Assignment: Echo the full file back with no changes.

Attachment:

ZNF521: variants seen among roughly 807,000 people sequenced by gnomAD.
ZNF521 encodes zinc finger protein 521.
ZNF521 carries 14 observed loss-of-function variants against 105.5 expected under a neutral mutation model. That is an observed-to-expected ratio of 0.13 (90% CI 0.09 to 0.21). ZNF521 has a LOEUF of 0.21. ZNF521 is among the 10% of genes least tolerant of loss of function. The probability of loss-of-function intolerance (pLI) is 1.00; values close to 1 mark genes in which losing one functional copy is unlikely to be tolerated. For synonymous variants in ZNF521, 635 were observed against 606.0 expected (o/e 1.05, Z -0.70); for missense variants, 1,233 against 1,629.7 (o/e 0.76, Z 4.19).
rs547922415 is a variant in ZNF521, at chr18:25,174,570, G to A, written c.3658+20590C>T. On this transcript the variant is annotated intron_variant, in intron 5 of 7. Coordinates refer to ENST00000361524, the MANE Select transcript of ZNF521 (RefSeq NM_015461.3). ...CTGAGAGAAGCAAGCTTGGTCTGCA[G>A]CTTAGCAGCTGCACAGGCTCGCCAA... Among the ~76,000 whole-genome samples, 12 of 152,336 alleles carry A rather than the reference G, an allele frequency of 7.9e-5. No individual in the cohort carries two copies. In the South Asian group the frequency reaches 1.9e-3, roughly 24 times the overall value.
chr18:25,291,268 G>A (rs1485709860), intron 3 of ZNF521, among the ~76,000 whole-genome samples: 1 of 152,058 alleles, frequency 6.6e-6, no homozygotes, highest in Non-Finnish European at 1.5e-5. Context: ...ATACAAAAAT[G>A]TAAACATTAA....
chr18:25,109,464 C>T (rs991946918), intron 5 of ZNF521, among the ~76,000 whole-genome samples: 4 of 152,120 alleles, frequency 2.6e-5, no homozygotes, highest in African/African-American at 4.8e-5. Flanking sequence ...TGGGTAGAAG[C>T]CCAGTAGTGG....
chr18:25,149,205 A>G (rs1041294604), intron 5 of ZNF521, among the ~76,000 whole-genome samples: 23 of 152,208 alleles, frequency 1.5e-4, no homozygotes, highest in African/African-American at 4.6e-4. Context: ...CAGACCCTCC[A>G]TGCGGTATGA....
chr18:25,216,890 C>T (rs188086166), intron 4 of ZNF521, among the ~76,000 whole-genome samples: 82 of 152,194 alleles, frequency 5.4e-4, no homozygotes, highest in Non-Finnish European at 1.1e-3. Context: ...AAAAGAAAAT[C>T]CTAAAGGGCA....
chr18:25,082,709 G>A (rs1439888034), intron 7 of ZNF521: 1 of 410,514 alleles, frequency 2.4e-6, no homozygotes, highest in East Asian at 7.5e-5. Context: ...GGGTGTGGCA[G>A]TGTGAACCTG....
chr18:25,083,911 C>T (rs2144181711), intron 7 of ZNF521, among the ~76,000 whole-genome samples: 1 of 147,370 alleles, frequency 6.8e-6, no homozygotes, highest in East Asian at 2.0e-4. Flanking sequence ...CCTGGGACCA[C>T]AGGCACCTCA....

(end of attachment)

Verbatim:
ZNF521: variants seen among roughly 807,000 people sequenced by gnomAD.
ZNF521 encodes zinc finger protein 521.
ZNF521 carries 14 observed loss-of-function variants against 105.5 expected under a neutral mutation model. That is an observed-to-expected ratio of 0.13 (90% CI 0.09 to 0.21). ZNF521 has a LOEUF of 0.21. ZNF521 is among the 10% of genes least tolerant of loss of function. The probability of loss-of-function intolerance (pLI) is 1.00; values close to 1 mark genes in which losing one functional copy is unlikely to be tolerated. For synonymous variants in ZNF521, 635 were observed against 606.0 expected (o/e 1.05, Z -0.70); for missense variants, 1,233 against 1,629.7 (o/e 0.76, Z 4.19).
rs547922415 is a variant in ZNF521, at chr18:25,174,570, G to A, written c.3658+20590C>T. On this transcript the variant is annotated intron_variant, in intron 5 of 7. Coordinates refer to ENST00000361524, the MANE Select transcript of ZNF521 (RefSeq NM_015461.3). ...CTGAGAGAAGCAAGCTTGGTCTGCA[G>A]CTTAGCAGCTGCACAGGCTCGCCAA... Among the ~76,000 whole-genome samples, 12 of 152,336 alleles carry A rather than the reference G, an allele frequency of 7.9e-5. No individual in the cohort carries two copies. In the South Asian group the frequency reaches 1.9e-3, roughly 24 times the overall value.
chr18:25,291,268 G>A (rs1485709860), intron 3 of ZNF521, among the ~76,000 whole-genome samples: 1 of 152,058 alleles, frequency 6.6e-6, no homozygotes, highest in Non-Finnish European at 1.5e-5. Context: ...ATACAAAAAT[G>A]TAAACATTAA....
chr18:25,109,464 C>T (rs991946918), intron 5 of ZNF521, among the ~76,000 whole-genome samples: 4 of 152,120 alleles, frequency 2.6e-5, no homozygotes, highest in African/African-American at 4.8e-5. Flanking sequence ...TGGGTAGAAG[C>T]CCAGTAGTGG....
chr18:25,149,205 A>G (rs1041294604), intron 5 of ZNF521, among the ~76,000 whole-genome samples: 23 of 152,208 alleles, frequency 1.5e-4, no homozygotes, highest in African/African-American at 4.6e-4. Context: ...CAGACCCTCC[A>G]TGCGGTATGA....
chr18:25,216,890 C>T (rs188086166), intron 4 of ZNF521, among the ~76,000 whole-genome samples: 82 of 152,194 alleles, frequency 5.4e-4, no homozygotes, highest in Non-Finnish European at 1.1e-3. Context: ...AAAAGAAAAT[C>T]CTAAAGGGCA....
chr18:25,082,709 G>A (rs1439888034), intron 7 of ZNF521: 1 of 410,514 alleles, frequency 2.4e-6, no homozygotes, highest in East Asian at 7.5e-5. Context: ...GGGTGTGGCA[G>A]TGTGAACCTG....
chr18:25,083,911 C>T (rs2144181711), intron 7 of ZNF521, among the ~76,000 whole-genome samples: 1 of 147,370 alleles, frequency 6.8e-6, no homozygotes, highest in East Asian at 2.0e-4. Flanking sequence ...CCTGGGACCA[C>T]AGGCACCTCA....